Oppose proposed plant in North Utica

In the 1950's and 60's, when North Utica was being developed, residents put up with the stench of the city dump. On warm summer nights , you could not leave your home because of the smell. In the wintertime, you would wake up to soot all over your vehicles, due to the smokestack at Baker's Greenhouses. On Auert Ave. you would drive by the Bonide chemical plant and your lungs would burn.

And now, they want to build a concrete and tar plant on Leland Avenue. What a step back in time.

Now, we have restaurants, hotels and harbor on Genesee Street with proposed shops, waterfront, amphitheater and sports fields. We don't need dust, and fumes next to our river.

Financially, this does not help the city other than a minimal amount of sales tax dollars.

On Wednesday at 7 p.m. North Utica residents will gather at City Hall. Join us and let your voices be heard and let us all persuade our elected city council members to feel our pain as taxpaying citizens .

Let's not destroy the future development of North Utica.

RON VINCENT

Utica

 

N. Utica wrong for cement/asphalt plant

The Utica Common Council should reconsider the sale of the property on Leland Avenue to Riccelli Enterprises.

To allow a cement/asphalt plant into the area bordering the Mohawk River would be a monumental mistake, considering that that those products cannot be produced without creating dust and a toxic smell.

The long-range plan for Harbor Point and North Genesee Street has long been as a tourist area. Grime and tar stench will not promote this goal, and will possibly drive out the businesses already established.

With a north wind, the same would be true of the Bagg’s Square area.

This type of business would, no doubt, also affect the residents of North Utica, as the smell of asphalt can be very strong for miles and the roads would be continually

covered with cement dust, or worse, cement mud.

While we believe that bringing jobs to Utica is extremely important, the net gain of 30 positions does not outweigh the potential environmental and quality of life issues that

this sort of enterprise could cause in the city. Thank you for considering our concerns.

PHIL AND CAROLYN RENNO

Utica

 

 

Vincent fresh face needed in Albany

I've known 118th Assembly District candidate Patrick Vincent for 15 years. In that time I have witnessed his work ethic, dedication, and compassionate spirit. He is a successful entrepreneur, taking his once one-man company based out of his garage to a company that now provides jobs for 10 individuals.

As a successful entrepreneur, Vincent knows what it takes for a local small business to succeed. He's also seen the stagnation in our district and knows that we need to jumpstart our economy to bring back well-paying jobs and careers.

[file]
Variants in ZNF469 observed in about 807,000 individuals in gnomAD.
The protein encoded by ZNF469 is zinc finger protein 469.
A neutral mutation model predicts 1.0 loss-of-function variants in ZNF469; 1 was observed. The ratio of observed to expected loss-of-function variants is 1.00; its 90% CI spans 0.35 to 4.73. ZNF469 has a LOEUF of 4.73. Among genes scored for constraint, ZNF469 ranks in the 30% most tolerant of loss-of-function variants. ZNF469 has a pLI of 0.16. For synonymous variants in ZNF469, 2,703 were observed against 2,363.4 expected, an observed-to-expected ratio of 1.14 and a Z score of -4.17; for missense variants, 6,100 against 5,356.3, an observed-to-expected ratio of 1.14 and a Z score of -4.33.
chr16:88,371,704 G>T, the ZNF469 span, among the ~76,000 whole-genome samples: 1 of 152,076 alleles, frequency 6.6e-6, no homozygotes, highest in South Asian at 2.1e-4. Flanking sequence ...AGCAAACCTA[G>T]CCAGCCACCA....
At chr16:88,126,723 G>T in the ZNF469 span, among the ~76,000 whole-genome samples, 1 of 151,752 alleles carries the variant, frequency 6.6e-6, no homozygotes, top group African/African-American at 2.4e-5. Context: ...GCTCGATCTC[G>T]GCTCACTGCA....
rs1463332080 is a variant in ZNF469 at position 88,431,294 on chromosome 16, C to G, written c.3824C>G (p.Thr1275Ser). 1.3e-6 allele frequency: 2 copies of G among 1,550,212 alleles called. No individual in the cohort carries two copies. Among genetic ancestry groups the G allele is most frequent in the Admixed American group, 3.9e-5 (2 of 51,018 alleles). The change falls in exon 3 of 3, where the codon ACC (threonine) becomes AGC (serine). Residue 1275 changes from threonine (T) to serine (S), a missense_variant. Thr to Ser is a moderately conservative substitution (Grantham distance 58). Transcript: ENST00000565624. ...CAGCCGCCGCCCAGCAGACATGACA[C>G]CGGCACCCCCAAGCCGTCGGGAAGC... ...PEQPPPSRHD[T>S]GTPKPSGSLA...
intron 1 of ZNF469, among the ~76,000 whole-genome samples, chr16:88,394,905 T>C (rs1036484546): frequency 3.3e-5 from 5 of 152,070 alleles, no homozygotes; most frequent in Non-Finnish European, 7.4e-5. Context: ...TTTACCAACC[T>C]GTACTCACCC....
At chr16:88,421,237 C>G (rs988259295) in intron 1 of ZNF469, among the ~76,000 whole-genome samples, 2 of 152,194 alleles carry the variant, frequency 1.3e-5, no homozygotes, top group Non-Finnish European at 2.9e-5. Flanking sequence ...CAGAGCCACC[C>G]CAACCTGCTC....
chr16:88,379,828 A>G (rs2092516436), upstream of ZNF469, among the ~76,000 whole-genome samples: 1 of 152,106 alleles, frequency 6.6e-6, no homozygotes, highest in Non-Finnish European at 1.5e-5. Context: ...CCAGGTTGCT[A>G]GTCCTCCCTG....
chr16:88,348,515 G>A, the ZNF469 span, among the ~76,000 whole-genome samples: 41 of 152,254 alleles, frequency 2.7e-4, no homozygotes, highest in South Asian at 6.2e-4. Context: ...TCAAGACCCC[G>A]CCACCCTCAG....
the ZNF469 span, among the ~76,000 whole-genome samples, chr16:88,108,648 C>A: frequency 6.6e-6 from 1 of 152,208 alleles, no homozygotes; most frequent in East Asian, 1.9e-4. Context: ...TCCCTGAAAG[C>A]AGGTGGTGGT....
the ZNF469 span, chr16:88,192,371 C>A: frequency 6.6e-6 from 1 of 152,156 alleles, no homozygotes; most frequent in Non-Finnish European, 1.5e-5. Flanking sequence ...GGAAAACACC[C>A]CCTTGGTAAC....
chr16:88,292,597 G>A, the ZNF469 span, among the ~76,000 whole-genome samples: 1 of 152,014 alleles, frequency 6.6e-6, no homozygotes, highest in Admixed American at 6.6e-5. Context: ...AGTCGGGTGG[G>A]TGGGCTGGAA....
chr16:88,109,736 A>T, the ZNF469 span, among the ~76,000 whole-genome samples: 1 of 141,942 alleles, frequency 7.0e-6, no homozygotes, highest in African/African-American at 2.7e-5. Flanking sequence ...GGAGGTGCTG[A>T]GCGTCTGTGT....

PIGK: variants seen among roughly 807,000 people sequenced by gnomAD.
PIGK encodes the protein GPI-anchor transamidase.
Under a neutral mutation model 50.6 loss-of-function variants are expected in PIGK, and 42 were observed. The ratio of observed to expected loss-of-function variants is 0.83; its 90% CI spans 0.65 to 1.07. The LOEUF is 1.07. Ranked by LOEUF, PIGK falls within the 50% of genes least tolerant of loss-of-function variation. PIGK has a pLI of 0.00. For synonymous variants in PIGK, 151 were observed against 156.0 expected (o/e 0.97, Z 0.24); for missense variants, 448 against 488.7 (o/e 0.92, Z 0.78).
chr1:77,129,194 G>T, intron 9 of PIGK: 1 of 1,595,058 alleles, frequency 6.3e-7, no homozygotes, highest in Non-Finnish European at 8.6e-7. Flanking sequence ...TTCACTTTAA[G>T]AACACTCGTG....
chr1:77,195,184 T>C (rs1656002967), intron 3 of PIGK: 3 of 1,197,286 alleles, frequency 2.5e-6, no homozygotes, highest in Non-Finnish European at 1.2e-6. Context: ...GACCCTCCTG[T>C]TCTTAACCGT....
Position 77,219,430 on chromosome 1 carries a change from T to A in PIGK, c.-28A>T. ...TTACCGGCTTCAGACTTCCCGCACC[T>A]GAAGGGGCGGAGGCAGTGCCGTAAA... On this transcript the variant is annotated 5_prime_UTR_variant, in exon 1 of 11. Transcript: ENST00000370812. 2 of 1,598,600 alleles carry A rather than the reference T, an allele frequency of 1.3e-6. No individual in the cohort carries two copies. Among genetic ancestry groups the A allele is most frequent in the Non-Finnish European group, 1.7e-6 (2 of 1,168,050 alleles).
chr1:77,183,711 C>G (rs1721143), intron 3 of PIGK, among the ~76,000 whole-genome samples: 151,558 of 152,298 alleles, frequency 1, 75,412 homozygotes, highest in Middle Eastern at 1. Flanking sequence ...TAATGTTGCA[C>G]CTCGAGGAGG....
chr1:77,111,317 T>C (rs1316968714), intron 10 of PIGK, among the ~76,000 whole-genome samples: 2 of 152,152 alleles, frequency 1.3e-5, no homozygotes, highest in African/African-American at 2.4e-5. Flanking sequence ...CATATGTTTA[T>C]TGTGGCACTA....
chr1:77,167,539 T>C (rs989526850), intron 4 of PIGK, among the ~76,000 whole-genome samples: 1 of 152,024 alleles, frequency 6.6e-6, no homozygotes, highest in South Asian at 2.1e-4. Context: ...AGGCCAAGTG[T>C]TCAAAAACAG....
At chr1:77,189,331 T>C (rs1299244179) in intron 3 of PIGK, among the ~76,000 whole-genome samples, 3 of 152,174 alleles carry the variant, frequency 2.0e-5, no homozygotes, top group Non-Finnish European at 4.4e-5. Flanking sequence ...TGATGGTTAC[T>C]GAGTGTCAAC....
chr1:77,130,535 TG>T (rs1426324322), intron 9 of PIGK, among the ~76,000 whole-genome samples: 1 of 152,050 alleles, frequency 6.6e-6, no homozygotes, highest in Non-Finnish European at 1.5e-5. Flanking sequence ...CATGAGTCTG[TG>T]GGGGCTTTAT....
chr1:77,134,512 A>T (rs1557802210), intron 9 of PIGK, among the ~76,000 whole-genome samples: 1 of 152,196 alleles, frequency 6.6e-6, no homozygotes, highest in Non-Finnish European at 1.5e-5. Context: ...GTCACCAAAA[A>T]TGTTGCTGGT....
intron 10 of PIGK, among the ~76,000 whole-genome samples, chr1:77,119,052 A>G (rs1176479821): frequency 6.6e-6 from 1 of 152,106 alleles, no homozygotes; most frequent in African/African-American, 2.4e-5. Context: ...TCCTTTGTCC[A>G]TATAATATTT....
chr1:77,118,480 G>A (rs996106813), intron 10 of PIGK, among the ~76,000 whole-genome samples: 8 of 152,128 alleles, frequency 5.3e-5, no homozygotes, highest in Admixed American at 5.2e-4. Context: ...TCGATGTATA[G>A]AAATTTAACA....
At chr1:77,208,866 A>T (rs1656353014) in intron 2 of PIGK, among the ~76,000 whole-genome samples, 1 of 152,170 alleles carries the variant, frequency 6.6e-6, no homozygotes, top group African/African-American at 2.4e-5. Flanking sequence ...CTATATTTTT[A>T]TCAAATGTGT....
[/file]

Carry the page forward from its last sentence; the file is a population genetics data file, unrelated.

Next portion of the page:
Vincent is a strong supporter of the Constitution and our second amendment rights and will carry these views to Albany. He is not afraid to speak up when something is wrong and unjust, and won't stand for the likes of the recent political corruption that seems to rule in our capital.

Vincent started his campaign in February because he saw that our district needed change. We have had the same voice in Albany for 20-plus years. Has anything improved? Now is time to make a positive change for our future. Political positions shouldn't be a career; Vincent believes in 8-year term limits. He will be our fresh face in Albany and bring success and economic prosperity back to District 118.

RALPH POTASIEWICZ

Cold Brook

 

Daley has abilities to best serve as DA

In the fall of 2012, my son was the victim of a violent crime, suffering a severe head injury. Due to the crime occurring outside Herkimer County, the victim advocate, hired by then-DA Mike Daley, received special permission from the Office of Victim Services to assist us with medical, legal and financial aspects of the matter. All paperwork was sent to her at the DA's office.

In March 2013, she unexpectedly resigned. I called the DA's office to inquire about my case and was told that since she was no longer employed they were taking no more action on my son's case. Daley was no longer the DA.

I asked for the return of my papers and was told they could not do that. During a second call I talked with an assistant who again informed me they were unable to assist me, it was no longer their business, and not to call again. They refused again to return my papers. I have yet to receive any of them.

I do not believe this is the way victims should be treated in the aftermath of a violent crime. Mike Daley has proven himself time and time again. I firmly believe he is the best qualified person for this position and hope the people are ready for a change for the better by voting for him on primary day, Sept. 13.

RICK FELLOWS

Oneida